You are using an older browser version. Please use a supported version for the best MSN experience.

Galapagos Tourism Increased 14 Percent in 2018

TravelPulse logo TravelPulse 2/1/2019 Mia Taylor
Fur seals at Punta Carola beach, Galapagos islands (Ecuador): PHOTO: Fur seals at Punta Carola beach, Galapagos Islands, Ecuador. (photo via AlbertoLoyo/iStock/Getty Images Plus) © Getty Images PHOTO: Fur seals at Punta Carola beach, Galapagos Islands, Ecuador. (photo via AlbertoLoyo/iStock/Getty Images Plus)

More than 275,000 travelers visited the Galapagos Islands last year, which represented a 14 percent increase over 2017.

The data was part of a study from the Directorate of the Galapagos National Park, which indicated that 275,817 people entered the famed, wildlife-rich archipelago last year, according to a report in Hosteltur.

Of that number, about 182,037 were foreign visitors while about 93,780 were Ecuadorians traveling to the region from the continent.

The lion’s share of Galapagos tourists are from Ecuador, 34 percent, according to the new report. The second biggest market for the Galapagos is the United States, which is responsible for 28 percent of visitors.

The United Kingdom meanwhile accounted for five percent of visitors, followed by Germany ( four percent), Canada and Australia (each at three percent).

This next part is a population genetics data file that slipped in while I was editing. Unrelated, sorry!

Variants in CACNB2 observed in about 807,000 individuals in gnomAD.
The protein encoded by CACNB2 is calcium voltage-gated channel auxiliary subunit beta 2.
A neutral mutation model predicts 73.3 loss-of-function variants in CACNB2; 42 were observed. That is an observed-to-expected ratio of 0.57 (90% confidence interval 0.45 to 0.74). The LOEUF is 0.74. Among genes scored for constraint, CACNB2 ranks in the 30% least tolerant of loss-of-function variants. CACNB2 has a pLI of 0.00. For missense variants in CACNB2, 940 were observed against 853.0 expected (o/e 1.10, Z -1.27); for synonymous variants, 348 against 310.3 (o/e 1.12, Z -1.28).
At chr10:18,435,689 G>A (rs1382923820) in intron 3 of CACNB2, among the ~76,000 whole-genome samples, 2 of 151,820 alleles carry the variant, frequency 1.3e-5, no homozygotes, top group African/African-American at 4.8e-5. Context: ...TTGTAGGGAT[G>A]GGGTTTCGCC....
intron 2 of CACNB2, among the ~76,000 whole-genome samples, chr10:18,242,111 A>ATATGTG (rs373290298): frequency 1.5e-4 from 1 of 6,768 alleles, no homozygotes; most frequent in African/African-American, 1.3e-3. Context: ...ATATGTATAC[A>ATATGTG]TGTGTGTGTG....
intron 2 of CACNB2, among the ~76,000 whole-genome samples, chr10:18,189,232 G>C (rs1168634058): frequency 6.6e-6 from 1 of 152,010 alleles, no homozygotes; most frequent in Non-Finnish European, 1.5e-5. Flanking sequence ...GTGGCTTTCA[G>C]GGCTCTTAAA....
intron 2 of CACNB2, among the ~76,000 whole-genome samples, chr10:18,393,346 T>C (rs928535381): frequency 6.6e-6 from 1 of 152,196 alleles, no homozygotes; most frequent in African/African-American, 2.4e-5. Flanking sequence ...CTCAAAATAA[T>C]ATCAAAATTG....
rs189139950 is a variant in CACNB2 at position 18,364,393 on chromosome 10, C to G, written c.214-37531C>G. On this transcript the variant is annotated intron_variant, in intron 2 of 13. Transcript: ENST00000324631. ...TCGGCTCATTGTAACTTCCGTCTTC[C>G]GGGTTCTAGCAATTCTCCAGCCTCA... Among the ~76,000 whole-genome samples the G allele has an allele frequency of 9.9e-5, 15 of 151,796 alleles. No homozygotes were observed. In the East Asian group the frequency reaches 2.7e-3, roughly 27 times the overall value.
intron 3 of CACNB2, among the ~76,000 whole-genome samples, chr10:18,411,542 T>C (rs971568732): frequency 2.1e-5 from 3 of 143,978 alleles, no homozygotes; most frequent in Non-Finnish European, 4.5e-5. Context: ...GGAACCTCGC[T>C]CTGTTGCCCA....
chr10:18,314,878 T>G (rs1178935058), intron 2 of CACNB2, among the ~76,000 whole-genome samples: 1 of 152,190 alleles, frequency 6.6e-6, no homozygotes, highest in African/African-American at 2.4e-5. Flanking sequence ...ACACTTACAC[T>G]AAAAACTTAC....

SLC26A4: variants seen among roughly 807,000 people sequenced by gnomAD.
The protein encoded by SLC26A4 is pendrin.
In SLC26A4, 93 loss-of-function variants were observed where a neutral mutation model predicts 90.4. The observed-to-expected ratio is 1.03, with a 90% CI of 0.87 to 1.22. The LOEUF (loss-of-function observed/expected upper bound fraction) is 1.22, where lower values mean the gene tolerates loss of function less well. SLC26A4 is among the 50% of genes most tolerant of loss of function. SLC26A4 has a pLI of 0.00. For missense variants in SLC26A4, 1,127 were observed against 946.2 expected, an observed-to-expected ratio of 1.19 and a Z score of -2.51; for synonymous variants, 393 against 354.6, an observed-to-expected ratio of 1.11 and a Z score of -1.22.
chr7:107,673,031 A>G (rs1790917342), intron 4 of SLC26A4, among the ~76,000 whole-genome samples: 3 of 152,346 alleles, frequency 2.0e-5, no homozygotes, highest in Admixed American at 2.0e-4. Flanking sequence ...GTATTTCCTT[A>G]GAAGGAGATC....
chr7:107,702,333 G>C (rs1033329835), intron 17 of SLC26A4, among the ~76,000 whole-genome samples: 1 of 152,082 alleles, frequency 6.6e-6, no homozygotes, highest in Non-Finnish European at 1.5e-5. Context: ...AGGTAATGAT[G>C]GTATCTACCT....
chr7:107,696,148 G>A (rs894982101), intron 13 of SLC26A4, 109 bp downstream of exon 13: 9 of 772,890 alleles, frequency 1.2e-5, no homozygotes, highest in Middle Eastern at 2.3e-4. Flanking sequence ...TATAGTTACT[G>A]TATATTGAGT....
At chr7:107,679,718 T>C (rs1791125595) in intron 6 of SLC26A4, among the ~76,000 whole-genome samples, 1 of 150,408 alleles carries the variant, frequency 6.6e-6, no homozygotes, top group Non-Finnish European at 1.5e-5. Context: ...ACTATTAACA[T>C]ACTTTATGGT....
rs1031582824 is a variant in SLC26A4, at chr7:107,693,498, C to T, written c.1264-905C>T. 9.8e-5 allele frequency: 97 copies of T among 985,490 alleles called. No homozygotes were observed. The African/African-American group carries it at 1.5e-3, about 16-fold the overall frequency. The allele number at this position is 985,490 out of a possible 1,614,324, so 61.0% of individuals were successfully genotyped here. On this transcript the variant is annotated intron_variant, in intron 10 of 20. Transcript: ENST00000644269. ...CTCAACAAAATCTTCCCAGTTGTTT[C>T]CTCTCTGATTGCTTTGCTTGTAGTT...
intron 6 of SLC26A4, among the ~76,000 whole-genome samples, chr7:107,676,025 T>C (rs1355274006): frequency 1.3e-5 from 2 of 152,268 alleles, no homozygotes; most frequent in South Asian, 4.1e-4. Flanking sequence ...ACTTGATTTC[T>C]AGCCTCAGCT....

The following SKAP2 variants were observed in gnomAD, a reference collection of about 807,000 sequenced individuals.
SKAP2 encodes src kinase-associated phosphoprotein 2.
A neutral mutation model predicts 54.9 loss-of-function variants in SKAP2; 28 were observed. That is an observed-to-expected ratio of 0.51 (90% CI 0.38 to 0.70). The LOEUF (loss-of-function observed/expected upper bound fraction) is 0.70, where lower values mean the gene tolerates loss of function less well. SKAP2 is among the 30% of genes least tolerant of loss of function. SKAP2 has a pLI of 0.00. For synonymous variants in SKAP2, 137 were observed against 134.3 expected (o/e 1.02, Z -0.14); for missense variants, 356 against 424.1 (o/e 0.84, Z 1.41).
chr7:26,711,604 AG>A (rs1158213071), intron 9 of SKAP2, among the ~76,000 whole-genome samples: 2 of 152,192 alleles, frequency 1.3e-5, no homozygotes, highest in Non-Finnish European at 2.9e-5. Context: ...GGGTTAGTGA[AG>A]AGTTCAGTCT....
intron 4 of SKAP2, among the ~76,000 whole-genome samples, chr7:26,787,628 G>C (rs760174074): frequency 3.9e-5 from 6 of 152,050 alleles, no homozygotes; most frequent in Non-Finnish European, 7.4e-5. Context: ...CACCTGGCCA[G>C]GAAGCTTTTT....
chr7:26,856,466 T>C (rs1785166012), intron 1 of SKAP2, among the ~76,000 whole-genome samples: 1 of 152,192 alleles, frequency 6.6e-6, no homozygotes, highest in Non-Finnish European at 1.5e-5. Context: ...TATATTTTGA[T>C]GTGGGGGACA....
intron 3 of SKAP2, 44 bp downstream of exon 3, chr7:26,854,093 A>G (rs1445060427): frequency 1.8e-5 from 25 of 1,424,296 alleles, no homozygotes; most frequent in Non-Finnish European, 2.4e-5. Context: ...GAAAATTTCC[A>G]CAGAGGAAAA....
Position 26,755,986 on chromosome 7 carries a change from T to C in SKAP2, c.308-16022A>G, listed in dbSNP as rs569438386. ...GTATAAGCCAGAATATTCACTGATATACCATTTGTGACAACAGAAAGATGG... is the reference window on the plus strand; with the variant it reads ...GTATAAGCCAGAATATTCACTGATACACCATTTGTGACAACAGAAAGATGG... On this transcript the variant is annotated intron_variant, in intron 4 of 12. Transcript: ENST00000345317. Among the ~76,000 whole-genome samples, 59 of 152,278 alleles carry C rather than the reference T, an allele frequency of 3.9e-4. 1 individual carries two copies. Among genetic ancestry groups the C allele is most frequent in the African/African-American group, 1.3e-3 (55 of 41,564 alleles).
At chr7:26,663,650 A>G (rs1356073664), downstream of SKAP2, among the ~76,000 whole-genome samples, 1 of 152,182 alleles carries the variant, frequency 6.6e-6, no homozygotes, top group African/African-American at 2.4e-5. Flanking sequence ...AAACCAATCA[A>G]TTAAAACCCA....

One of the most popular sites for tourists visiting the Galapagos is Tortuga Bay, located in Santa Cruz. Another top stop is the Interpretation Center of San Cristóbal, which showcases the history and settlement of the islands, including natural history, human history and conservation.

The Sierra Negra and Chico volcanoes on Isabela Island, which were declared a World Heritage Site by UNESCO, are also popular choices among visitors.

Over the past three decades, tourism in the Galapagos Islands has grown at an annual rate of about 6.71 percent, according to the study.

A volcanic archipelago located in the Pacific Ocean off the coast of Ecuador, the Galapagos are easily one of the world's top destinations for wildlife-viewing. The islands are home to many plant and animal species found nowhere else.

The growing tourism numbers have also brought increased threats for the unique islands, which were the first-ever UNESCO World Heritage Site. Some of the most prevalent challenges the region faces include deforestation, pollution and the introduction of invasive species. Climate change is also a significant issue for the fragile islands.


More from TravelPulse

image beaconimage beaconimage beacon